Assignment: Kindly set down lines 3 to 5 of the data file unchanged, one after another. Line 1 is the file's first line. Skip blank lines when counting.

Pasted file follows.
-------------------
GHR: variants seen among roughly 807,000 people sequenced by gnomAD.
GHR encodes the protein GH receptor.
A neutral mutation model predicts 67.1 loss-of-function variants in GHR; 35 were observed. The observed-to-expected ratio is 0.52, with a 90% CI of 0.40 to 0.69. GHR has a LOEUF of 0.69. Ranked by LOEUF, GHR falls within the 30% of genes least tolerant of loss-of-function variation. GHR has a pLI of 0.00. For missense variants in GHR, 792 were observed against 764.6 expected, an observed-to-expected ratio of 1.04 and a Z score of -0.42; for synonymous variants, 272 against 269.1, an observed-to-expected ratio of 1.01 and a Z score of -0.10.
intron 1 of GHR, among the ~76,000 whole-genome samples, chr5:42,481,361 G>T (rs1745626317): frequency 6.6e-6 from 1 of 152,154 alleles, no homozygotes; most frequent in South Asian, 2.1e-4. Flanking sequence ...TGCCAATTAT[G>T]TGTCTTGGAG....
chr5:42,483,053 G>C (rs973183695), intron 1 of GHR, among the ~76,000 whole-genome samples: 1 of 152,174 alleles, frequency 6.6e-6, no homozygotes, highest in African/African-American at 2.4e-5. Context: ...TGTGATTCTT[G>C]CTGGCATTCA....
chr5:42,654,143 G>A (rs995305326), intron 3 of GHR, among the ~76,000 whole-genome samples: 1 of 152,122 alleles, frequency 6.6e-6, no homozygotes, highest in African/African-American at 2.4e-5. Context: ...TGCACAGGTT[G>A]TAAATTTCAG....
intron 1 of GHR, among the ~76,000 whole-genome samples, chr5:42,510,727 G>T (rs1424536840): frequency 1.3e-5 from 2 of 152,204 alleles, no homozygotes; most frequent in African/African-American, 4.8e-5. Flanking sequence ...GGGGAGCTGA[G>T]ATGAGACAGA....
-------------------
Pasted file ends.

A neutral mutation model predicts 67.1 loss-of-function variants in GHR; 35 were observed. The observed-to-expected ratio is 0.52, with a 90% CI of 0.40 to 0.69. GHR has a LOEUF of 0.69. Ranked by LOEUF, GHR falls within the 30% of genes least tolerant of loss-of-function variation. GHR has a pLI of 0.00. For missense variants in GHR, 792 were observed against 764.6 expected, an observed-to-expected ratio of 1.04 and a Z score of -0.42; for synonymous variants, 272 against 269.1, an observed-to-expected ratio of 1.01 and a Z score of -0.10.
intron 1 of GHR, among the ~76,000 whole-genome samples, chr5:42,481,361 G>T (rs1745626317): frequency 6.6e-6 from 1 of 152,154 alleles, no homozygotes; most frequent in South Asian, 2.1e-4. Flanking sequence ...TGCCAATTAT[G>T]TGTCTTGGAG....
chr5:42,483,053 G>C (rs973183695), intron 1 of GHR, among the ~76,000 whole-genome samples: 1 of 152,174 alleles, frequency 6.6e-6, no homozygotes, highest in African/African-American at 2.4e-5. Context: ...TGTGATTCTT[G>C]CTGGCATTCA....